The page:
While reading an article on Salon.com, I became distracted by a sidebar entitled, “Glee‘s mysteriously shrinking Rachel.” I enjoy reading criticisms of how awful Glee is as much as the next blogger, so I clicked.
First, in the subhed, the article tries to connect Glee actor Lea Michele’s shrinking body to the quality of the TV show overall, arguing, “The slimming down and sexing up of Lea Michele is another sign that the heartfelt show is losing its warmth.” This assertion is ridiculous: It’s the transphobia, sexism, tokenism, racism, ableism, use of stereotypes as characters, clichéd story lines and lazy writing that make Glee a waste of airspace, not Michele’s skininess.
The part that irked me most, however, was the following:
Listen, I understand the game: She’s in Hollywood, keeping up with her flying star and getting in touch with her ‘vegan’ side. (Back in the day, we used to call it an ‘eating disorder’–now you can hide behind the healthier guise of ‘veganism’ to slim down without all that stigma.)”
OK, let’s get this straight: Veganism is not an eating disorder. Since this isn’t the first time I’ve heard this kind of slur against vegans, some correction is in order.
“Real” vegans–the ones who treat veganism as a lifestyle choice, not the next fad diet–have reasons why they stop eating animal products, believe it or not. And these reasons don’t necessarily include weight loss, no matter how badly PETA shot itself in the foot by asserting that this reason alone is a good one to go vegan.
Reasons to become vegan include, but are not limited to:
- Concern about animal rights and disgust with animal abuse
- Concern about how the meat industry contributes to pollution and global warming
- Concern about how cows, chickens and pigs are stuffed with food their bodies can’t digest without the assistance of powerful antibiotics–and how this could lead to the development of antibiotic-resistant diseases and to eating meat from animals so sick when they were killed that 13 percent of them had abcessed livers.
- Concern that the meat-industrial-military complex leads to widespread poverty in the developing world because poor farmers can’t compete with the subsidy-sustained Big Agribusiness farmers of the U.S.–and their governments, under regulations controlled by the U.S., are not allowed to subsidize their farmers’ efforts.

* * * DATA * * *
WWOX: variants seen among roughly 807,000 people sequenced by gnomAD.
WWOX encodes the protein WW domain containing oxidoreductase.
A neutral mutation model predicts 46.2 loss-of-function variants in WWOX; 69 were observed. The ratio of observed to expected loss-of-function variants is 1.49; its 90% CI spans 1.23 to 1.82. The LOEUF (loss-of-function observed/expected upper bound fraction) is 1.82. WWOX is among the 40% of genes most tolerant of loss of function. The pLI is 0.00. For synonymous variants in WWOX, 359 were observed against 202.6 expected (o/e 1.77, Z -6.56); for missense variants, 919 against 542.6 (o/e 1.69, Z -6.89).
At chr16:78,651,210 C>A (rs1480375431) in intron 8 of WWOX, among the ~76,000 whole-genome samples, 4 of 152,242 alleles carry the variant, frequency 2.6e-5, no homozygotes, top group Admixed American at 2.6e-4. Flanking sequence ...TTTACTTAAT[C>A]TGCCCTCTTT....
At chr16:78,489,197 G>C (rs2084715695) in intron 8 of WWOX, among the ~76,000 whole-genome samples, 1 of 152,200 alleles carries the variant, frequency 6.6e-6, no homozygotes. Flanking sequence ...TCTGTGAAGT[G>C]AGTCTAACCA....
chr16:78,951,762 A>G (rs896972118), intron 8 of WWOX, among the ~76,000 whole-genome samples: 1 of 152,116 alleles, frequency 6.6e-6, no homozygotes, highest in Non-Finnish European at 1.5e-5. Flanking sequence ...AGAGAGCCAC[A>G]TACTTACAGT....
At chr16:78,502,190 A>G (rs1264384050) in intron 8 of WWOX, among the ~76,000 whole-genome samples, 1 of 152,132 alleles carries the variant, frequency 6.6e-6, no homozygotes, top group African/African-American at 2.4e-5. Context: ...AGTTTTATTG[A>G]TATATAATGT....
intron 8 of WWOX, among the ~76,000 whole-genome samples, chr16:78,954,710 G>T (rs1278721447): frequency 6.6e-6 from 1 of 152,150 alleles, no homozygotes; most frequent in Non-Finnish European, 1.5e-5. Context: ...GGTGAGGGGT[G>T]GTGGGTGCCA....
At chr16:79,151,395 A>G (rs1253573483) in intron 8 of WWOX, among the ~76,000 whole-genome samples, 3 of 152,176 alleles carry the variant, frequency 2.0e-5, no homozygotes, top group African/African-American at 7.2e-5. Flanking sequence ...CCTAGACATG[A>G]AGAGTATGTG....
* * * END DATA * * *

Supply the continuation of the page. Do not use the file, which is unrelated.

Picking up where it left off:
- Concern that many of the animal products that are eaten–eggs, milk, butter–come from exploiting the reproductive labor of female animals.
- Distaste for perpetuating a patriarchal exploitation of animals.
Yes, there is such a thing as orthorexia, and yes, I’ve heard of young women who become vegan to lose weight (although without a larger purpose, maintaining a vegan lifestyle is very difficult and people easily slip back into vegetarianism or meat-eating). And yeah, there are vegans who struggle with body image issues. But if you want to look at absolute numbers–since vegans only make up about one percent of the U.S. population–there are a lot more omnivorous women who do that. Body-image issues and eating disorders aren’t strictly vegan issues, but problems afflicting society as a whole.
In my limited experience of seeking out vegans to socialize with, I’ve been pleased to see that most of them are feminist, in their words as well as actions. That includes cis-male, trans-male, trans-female, genderqueer, gay, lesbian and sistah vegans. (I assume intersex and asexual vegans, as well as vegans with disabilities, also exist; I just haven’t met any yet and couldn’t find websites catering to these groups. If you know of any, please link in the comments.) So there’s no need to pit veganism against feminism, as the author’s comment somehow did by suggesting that veganism serves as a cover for body issues. Let’s not lose sight of the common enemy: the kyriarchy, which has shown time and again to prefer lining the pockets of people on top rather than caring about women’s health and dignity.